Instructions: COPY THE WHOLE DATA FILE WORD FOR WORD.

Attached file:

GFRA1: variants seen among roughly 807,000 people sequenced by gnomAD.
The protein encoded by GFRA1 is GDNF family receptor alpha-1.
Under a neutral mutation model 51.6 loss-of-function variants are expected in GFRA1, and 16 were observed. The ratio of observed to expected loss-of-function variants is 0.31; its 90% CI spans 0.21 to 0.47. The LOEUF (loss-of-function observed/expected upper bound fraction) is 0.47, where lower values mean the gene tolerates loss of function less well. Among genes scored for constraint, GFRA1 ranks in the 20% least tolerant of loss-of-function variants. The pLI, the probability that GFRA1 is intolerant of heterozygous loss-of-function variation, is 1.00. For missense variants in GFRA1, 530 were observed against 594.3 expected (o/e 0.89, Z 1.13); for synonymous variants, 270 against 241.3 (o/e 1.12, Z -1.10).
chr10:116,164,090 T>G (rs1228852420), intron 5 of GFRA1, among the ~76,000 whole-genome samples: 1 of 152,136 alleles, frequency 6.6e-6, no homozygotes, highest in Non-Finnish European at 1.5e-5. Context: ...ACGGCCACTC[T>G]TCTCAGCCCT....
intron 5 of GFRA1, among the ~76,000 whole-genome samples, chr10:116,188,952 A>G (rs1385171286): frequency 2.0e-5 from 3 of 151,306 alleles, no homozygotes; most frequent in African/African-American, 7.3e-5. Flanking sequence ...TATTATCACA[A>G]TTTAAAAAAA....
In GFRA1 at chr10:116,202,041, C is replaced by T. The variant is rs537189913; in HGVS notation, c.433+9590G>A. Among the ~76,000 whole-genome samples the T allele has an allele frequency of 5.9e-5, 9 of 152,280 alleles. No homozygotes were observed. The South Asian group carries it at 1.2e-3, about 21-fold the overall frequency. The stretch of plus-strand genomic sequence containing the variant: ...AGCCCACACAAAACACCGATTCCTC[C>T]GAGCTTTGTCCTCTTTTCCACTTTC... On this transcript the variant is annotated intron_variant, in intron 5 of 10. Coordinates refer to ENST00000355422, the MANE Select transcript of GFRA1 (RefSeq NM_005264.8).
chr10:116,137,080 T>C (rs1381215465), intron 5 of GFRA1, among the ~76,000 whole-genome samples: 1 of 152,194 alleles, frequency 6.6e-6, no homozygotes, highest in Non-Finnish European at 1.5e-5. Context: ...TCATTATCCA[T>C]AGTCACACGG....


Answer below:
GFRA1: variants seen among roughly 807,000 people sequenced by gnomAD.
The protein encoded by GFRA1 is GDNF family receptor alpha-1.
Under a neutral mutation model 51.6 loss-of-function variants are expected in GFRA1, and 16 were observed. The ratio of observed to expected loss-of-function variants is 0.31; its 90% CI spans 0.21 to 0.47. The LOEUF (loss-of-function observed/expected upper bound fraction) is 0.47, where lower values mean the gene tolerates loss of function less well. Among genes scored for constraint, GFRA1 ranks in the 20% least tolerant of loss-of-function variants. The pLI, the probability that GFRA1 is intolerant of heterozygous loss-of-function variation, is 1.00. For missense variants in GFRA1, 530 were observed against 594.3 expected (o/e 0.89, Z 1.13); for synonymous variants, 270 against 241.3 (o/e 1.12, Z -1.10).
chr10:116,164,090 T>G (rs1228852420), intron 5 of GFRA1, among the ~76,000 whole-genome samples: 1 of 152,136 alleles, frequency 6.6e-6, no homozygotes, highest in Non-Finnish European at 1.5e-5. Context: ...ACGGCCACTC[T>G]TCTCAGCCCT....
intron 5 of GFRA1, among the ~76,000 whole-genome samples, chr10:116,188,952 A>G (rs1385171286): frequency 2.0e-5 from 3 of 151,306 alleles, no homozygotes; most frequent in African/African-American, 7.3e-5. Flanking sequence ...TATTATCACA[A>G]TTTAAAAAAA....
In GFRA1 at chr10:116,202,041, C is replaced by T. The variant is rs537189913; in HGVS notation, c.433+9590G>A. Among the ~76,000 whole-genome samples the T allele has an allele frequency of 5.9e-5, 9 of 152,280 alleles. No homozygotes were observed. The South Asian group carries it at 1.2e-3, about 21-fold the overall frequency. The stretch of plus-strand genomic sequence containing the variant: ...AGCCCACACAAAACACCGATTCCTC[C>T]GAGCTTTGTCCTCTTTTCCACTTTC... On this transcript the variant is annotated intron_variant, in intron 5 of 10. Coordinates refer to ENST00000355422, the MANE Select transcript of GFRA1 (RefSeq NM_005264.8).
chr10:116,137,080 T>C (rs1381215465), intron 5 of GFRA1, among the ~76,000 whole-genome samples: 1 of 152,194 alleles, frequency 6.6e-6, no homozygotes, highest in Non-Finnish European at 1.5e-5. Context: ...TCATTATCCA[T>C]AGTCACACGG....